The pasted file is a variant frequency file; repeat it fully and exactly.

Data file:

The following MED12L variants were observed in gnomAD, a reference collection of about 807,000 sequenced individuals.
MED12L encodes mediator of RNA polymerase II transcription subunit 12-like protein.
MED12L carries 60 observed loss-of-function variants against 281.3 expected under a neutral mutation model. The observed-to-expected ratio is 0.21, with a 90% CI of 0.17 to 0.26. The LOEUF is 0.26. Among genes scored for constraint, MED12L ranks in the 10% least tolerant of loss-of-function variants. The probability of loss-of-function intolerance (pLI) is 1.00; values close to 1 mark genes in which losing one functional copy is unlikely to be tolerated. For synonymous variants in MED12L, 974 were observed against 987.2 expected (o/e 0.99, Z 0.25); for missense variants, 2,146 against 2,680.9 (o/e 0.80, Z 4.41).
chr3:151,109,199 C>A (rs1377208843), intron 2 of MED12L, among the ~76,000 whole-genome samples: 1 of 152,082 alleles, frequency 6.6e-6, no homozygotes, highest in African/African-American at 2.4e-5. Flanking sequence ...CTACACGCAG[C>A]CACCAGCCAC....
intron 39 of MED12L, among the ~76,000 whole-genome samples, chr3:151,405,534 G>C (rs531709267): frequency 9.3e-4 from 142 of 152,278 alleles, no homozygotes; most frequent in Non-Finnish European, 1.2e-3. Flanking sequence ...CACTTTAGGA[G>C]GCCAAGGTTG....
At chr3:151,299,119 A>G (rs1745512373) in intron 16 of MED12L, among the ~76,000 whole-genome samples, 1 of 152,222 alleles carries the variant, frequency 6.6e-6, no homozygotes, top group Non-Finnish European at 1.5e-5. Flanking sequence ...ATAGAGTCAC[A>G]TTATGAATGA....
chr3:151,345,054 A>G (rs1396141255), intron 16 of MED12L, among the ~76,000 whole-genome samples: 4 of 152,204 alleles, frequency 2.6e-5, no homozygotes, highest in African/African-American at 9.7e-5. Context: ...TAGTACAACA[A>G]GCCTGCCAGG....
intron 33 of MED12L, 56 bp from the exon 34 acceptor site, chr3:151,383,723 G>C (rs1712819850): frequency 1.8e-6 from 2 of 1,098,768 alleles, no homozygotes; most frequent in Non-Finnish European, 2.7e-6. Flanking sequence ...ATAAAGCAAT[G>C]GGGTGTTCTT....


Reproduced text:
The following MED12L variants were observed in gnomAD, a reference collection of about 807,000 sequenced individuals.
MED12L encodes mediator of RNA polymerase II transcription subunit 12-like protein.
MED12L carries 60 observed loss-of-function variants against 281.3 expected under a neutral mutation model. The observed-to-expected ratio is 0.21, with a 90% CI of 0.17 to 0.26. The LOEUF is 0.26. Among genes scored for constraint, MED12L ranks in the 10% least tolerant of loss-of-function variants. The probability of loss-of-function intolerance (pLI) is 1.00; values close to 1 mark genes in which losing one functional copy is unlikely to be tolerated. For synonymous variants in MED12L, 974 were observed against 987.2 expected (o/e 0.99, Z 0.25); for missense variants, 2,146 against 2,680.9 (o/e 0.80, Z 4.41).
chr3:151,109,199 C>A (rs1377208843), intron 2 of MED12L, among the ~76,000 whole-genome samples: 1 of 152,082 alleles, frequency 6.6e-6, no homozygotes, highest in African/African-American at 2.4e-5. Flanking sequence ...CTACACGCAG[C>A]CACCAGCCAC....
intron 39 of MED12L, among the ~76,000 whole-genome samples, chr3:151,405,534 G>C (rs531709267): frequency 9.3e-4 from 142 of 152,278 alleles, no homozygotes; most frequent in Non-Finnish European, 1.2e-3. Flanking sequence ...CACTTTAGGA[G>C]GCCAAGGTTG....
At chr3:151,299,119 A>G (rs1745512373) in intron 16 of MED12L, among the ~76,000 whole-genome samples, 1 of 152,222 alleles carries the variant, frequency 6.6e-6, no homozygotes, top group Non-Finnish European at 1.5e-5. Flanking sequence ...ATAGAGTCAC[A>G]TTATGAATGA....
chr3:151,345,054 A>G (rs1396141255), intron 16 of MED12L, among the ~76,000 whole-genome samples: 4 of 152,204 alleles, frequency 2.6e-5, no homozygotes, highest in African/African-American at 9.7e-5. Context: ...TAGTACAACA[A>G]GCCTGCCAGG....
intron 33 of MED12L, 56 bp from the exon 34 acceptor site, chr3:151,383,723 G>C (rs1712819850): frequency 1.8e-6 from 2 of 1,098,768 alleles, no homozygotes; most frequent in Non-Finnish European, 2.7e-6. Flanking sequence ...ATAAAGCAAT[G>C]GGGTGTTCTT....